Tuesday, September 23, 2008

Remembering Del Martin

“When you add our society’s propensity toward violence with ageism and sexism, you have a dangerous situation.”

Del Martin, 1995

The flags at San Francisco’s City Hall flew at half-mast on August 28 in memory of Del Martin, a pioneering figure in the fight for the rights of women, lesbians, survivors of domestic violence, and the elderly. Her seminal book Battered Wives, published in 1976 and updated in 1981 (Volcano Press), has been acclaimed as the first to explore domestic violence in the United States. In it, Del made the case that domestic violence wasn’t grounded in interpersonal dynamics but rather, in historical attitudes toward women, economy inequalities, and inadequacies in the legal and social service systems. Just two months before her death at the age of 87, she was still making history. She and her partner, Phyllis Lyon, were the first gay couple to be "remarried" when the California Supreme Court declared marriage for same-sex couples a fundamental right. Their earlier marriage, along with thousands of others, was nullified four years ago.

In the mid 1990s I interviewed Del for nexus, a publication for affiliates of the National Committee for the Prevention of Elder Abuse. At the time, she was serving on the Advisory Committee for the San Francisco Consortium for Elder Abuse’s “Developing Services for Older Battered Women,” a pilot project funded by the Administration on Aging (DHHS) to explore the link between elder abuse and domestic violence. Her insights and advice are as relevant to our field today as they were when we spoke 13 years ago.

Domestic Violence Activist Speaks out on Elder Abuse
The domestic violence movement has always been a grass roots, self help movement. In the early days, many feminists who had given up on the system got involved. To a great extent, it was women who had left abusive relationships who ran the shelters and led the movement. At one point, we even had an underground railroad to send women who were leaving abusive relationships to other states with other identities. Some women would go from state to state to get away from abusive men. Just leaving a relationship doesn’t mean a woman is free.

The concept of support groups came from the women’s movement. Earlier, when we talked about support groups, we discussed whether women who were not able or willing to leave abusive relationships should be in groups with women who had chosen to leave. My feeling is that it’s wonderful for these women to interact with others who have made it. Somebody who’s had the same experiences is going to be more effective than a professional who knows the concepts but who doesn’t have the personal involvement and understanding.

The feminist viewpoint is “we don’t want to compete, we’ve got to work together to accomplish anything.” When California first allocated funds for starting a pilot project in domestic violence, we said “okay, we’ll take the money but we would like to split it up and use it in various locations.” We didn’t want to compete for money, we wanted to work together. The state had never heard of that before. Ultimately, six pilot projects were initiated.

Domestic violence programs have long recognized that some of the worst cases of physical abuse involved elderly victims. Domestic violence against the elderly is more difficult to address because it’s complicated by dependency issues and having to deal with pensions or Social Security. I have also thought about how difficult it is to reach the frail elderly who are at the mercy of their caretakers. Those are the ones I am really worried about.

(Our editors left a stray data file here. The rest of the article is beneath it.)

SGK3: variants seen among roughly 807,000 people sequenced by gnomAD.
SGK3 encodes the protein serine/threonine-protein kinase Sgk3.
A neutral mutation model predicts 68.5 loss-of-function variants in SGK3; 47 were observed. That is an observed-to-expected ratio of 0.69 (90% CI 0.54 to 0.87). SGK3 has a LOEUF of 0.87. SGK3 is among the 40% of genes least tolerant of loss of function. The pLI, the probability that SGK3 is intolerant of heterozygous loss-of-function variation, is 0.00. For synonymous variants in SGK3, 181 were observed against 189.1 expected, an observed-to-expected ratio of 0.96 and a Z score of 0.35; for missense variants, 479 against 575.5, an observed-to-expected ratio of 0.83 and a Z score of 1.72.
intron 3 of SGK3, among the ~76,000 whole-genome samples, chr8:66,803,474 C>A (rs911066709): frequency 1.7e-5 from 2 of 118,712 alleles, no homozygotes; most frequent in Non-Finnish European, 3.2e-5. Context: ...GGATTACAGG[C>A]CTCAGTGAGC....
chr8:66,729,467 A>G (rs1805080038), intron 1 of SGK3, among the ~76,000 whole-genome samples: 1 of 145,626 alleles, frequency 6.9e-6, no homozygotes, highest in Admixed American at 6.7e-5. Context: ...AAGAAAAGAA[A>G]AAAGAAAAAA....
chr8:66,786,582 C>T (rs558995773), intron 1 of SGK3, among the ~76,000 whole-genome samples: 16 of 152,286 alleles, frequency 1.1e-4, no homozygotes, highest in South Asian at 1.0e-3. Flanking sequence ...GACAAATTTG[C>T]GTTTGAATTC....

Victims need to know that they are not alone. Older, abused individuals often think they are the “only one” and remain silent. Because I am a lesbian, I understand the “only one” belief very well. But the only way you can do anything about a problem is to talk about it and discuss what you are going to do about it. You may not do anything immediately; I know from experience that people will write down the telephone number of an agency and call a couple of years later. This has been true in both domestic violence and outreach to lesbians. I think the point is, if you don’t do anything, there may be an escalation of violence.’’

We also need to get more information out to the media-TV and print in particular-because there are so many people who cannot be reached any other way. There has been more media attention to domestic violence lately and we need to keep pushing it. It may sound cynical, but elder abuse is another angle, and the media is always looking for “another angle.” When my book came out, it got a lot of attention but the hardest thing was to maintain the focus on domestic violence. People from the media would say they had already done one program on it. Well, one program does not do it. It is a continuing problem. We need to identify people at the stations who will cover the issue.

My kick right now is the urgency of political awareness and involvement at the national level. Service providers need to be keyed in politically. If they don’t have political clout, they are vulnerable. We also need to be involved at the state level. In California, the Alliance on Domestic Violence held trainings years ago on how to influence legislators. One of our goals was to help legislators understand the connection between child abuse and spousal abuse. People should get lists of senators, members of congress, and committees, and make contact when issues come up.

We also need to change societal values. We need to raise everyone’s consciousness about ageism, which is rampant, and violence. We’ve tried to get rid of guns in the home because we know that they are more likely to be used on people who live there than to defend the home. When you add our society’s propensity toward violence with ageism and sexism, you have a dangerous situation.